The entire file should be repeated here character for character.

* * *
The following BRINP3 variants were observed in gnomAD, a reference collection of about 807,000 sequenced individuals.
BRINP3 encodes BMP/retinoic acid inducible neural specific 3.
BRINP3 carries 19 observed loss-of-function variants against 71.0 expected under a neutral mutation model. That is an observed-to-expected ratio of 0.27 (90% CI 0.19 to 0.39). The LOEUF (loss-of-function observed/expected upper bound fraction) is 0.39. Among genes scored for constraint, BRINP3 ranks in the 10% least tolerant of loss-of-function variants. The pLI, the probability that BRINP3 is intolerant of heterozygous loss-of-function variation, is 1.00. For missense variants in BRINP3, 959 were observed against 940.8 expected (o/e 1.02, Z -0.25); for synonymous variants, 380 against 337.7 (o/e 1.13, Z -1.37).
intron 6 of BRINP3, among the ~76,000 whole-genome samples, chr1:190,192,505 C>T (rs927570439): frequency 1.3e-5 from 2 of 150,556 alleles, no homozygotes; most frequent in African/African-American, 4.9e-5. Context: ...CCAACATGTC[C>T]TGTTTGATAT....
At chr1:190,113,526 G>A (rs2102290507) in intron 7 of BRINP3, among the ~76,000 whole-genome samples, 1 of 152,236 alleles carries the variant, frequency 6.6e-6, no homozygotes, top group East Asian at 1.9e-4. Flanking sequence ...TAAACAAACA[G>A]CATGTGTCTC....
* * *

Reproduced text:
The following BRINP3 variants were observed in gnomAD, a reference collection of about 807,000 sequenced individuals.
BRINP3 encodes BMP/retinoic acid inducible neural specific 3.
BRINP3 carries 19 observed loss-of-function variants against 71.0 expected under a neutral mutation model. That is an observed-to-expected ratio of 0.27 (90% CI 0.19 to 0.39). The LOEUF (loss-of-function observed/expected upper bound fraction) is 0.39. Among genes scored for constraint, BRINP3 ranks in the 10% least tolerant of loss-of-function variants. The pLI, the probability that BRINP3 is intolerant of heterozygous loss-of-function variation, is 1.00. For missense variants in BRINP3, 959 were observed against 940.8 expected (o/e 1.02, Z -0.25); for synonymous variants, 380 against 337.7 (o/e 1.13, Z -1.37).
intron 6 of BRINP3, among the ~76,000 whole-genome samples, chr1:190,192,505 C>T (rs927570439): frequency 1.3e-5 from 2 of 150,556 alleles, no homozygotes; most frequent in African/African-American, 4.9e-5. Context: ...CCAACATGTC[C>T]TGTTTGATAT....
At chr1:190,113,526 G>A (rs2102290507) in intron 7 of BRINP3, among the ~76,000 whole-genome samples, 1 of 152,236 alleles carries the variant, frequency 6.6e-6, no homozygotes, top group East Asian at 1.9e-4. Flanking sequence ...TAAACAAACA[G>A]CATGTGTCTC....